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Module 1: Language and background to language learning and teaching

Part 1: Describing language and language skills


Unit 6: Writing
Lesson 1: Accuracy and efficient messages
Sergio Dorado Registro en trmite
(Prohibida su reproduccin sin autorizacin expresa)

WRITING
Bear in mind that there are two receptive skills: listening and reading, and two
productive skills: writing and speaking.
BRAIN
Entering
language

Internal
processes

Receptive skills:
Listening
Reading

Retrieval
of language
Productive skills
Speaking
Writing

Writing involves producing language through making signs on paper with a


communicative intention. Anytime you take a pencil and write something down, your
purpose is to communicate a message to someone else. When you make notes in order to
remember something, a duty, a phone number, a shopping list, or when you leave a
message at your friends door or write an essay on something you are studying at school,
you are using writing subskills.
Writing subskills
There are two main writing subskills: accuracy and communicating an efficient
message.
a) Accuracy
Accuracy is concerned with the cohesion of your writing, i.e. with how well you form
words, spell them legibly, link them appropriately in sentences, and write coherent
paragraphs; it is also concerned with how well you select vocabulary, use grammar,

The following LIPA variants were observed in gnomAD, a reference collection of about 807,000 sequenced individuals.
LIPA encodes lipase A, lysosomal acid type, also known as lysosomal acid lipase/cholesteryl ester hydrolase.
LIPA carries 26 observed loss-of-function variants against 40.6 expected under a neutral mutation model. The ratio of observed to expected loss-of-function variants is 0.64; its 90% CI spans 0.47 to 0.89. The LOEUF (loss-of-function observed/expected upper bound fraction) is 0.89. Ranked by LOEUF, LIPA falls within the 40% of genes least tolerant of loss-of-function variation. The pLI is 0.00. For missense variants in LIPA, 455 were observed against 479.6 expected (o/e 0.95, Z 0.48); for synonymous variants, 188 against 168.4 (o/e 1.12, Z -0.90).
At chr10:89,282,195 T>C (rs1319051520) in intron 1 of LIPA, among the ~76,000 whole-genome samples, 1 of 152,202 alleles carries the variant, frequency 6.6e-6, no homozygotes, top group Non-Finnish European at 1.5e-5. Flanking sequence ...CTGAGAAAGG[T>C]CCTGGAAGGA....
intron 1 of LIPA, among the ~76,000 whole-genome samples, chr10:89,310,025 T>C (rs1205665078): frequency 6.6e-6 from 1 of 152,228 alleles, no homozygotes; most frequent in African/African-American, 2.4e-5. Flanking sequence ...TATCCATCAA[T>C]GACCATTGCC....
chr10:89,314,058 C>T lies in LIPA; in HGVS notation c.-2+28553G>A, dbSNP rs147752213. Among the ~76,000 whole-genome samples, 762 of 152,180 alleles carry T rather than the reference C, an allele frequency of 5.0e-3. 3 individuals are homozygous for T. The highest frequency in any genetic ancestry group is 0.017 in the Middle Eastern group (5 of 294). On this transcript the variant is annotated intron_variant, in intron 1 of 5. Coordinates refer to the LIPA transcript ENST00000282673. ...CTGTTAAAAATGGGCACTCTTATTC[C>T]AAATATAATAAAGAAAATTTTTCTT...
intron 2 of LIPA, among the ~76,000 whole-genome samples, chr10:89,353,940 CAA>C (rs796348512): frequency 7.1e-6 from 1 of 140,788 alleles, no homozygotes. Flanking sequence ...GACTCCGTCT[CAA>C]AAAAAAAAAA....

punctuation, and suitable layouts for the purpose you may have when writing (a message, a
letter, a birthday card, an essay, etc).
b) Communicating an efficicient message
Accuracy is important when you write, but not enough. Accuracy is, of course, relevant
because cohesion is essential in communicating something grammatically correct, but you
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also need a clear purpose of communicating your ideas and organising them into a message,
and then express your purpose in an appropriate style.
Subskills inside the classroom
It is advisable to make a clear difference between the writing subskills (accuracy
and communicating efficient messages) inside the language classroom. In language
teaching, there are two main types of language activities based on this difference: accuracy
activities and communicating efficient messages activities. Accuracy activities are based on
grammar (phonology, morphology, lexis and/or syntax), but communicative activities are
based on contextual communication regardless the grammatical issues included in the
activity.
It is also important to make learners write according to their age. With young
learners, activities must be as simple as to write only one word. An exercise of gap-filling,
for example, would be suitable at this age. See example below where young learners need
to choose and write only one word.
I write with my _______
I eat with my ______
I play with my _______

The complexity of writing needs to be linked to the learners age and level of
language.
Steps for writing
At intermediate or higher levels of English (teenagers and adults), experts advise to
follow several steps in order to write more complex texts. See the following table.

BRAINSTORMING

DRAFT

EDITING

PROOF-READING

a) Think of as many ideas as you can about the topic


you are working on.
b) Be sure to make notes of all your ideas.
c) Organise your ideas and make a plan of work.
a) Write your first attempt (draft)
b) Review your draft.
a) Correct your draft.
b) Produce a second attempt.
a) Check for mistakes in accuracy.
b) Re-read yourself and give your work to other
readers, and listen carefully to their opinions. (make
notes.)
c) Write the final text.

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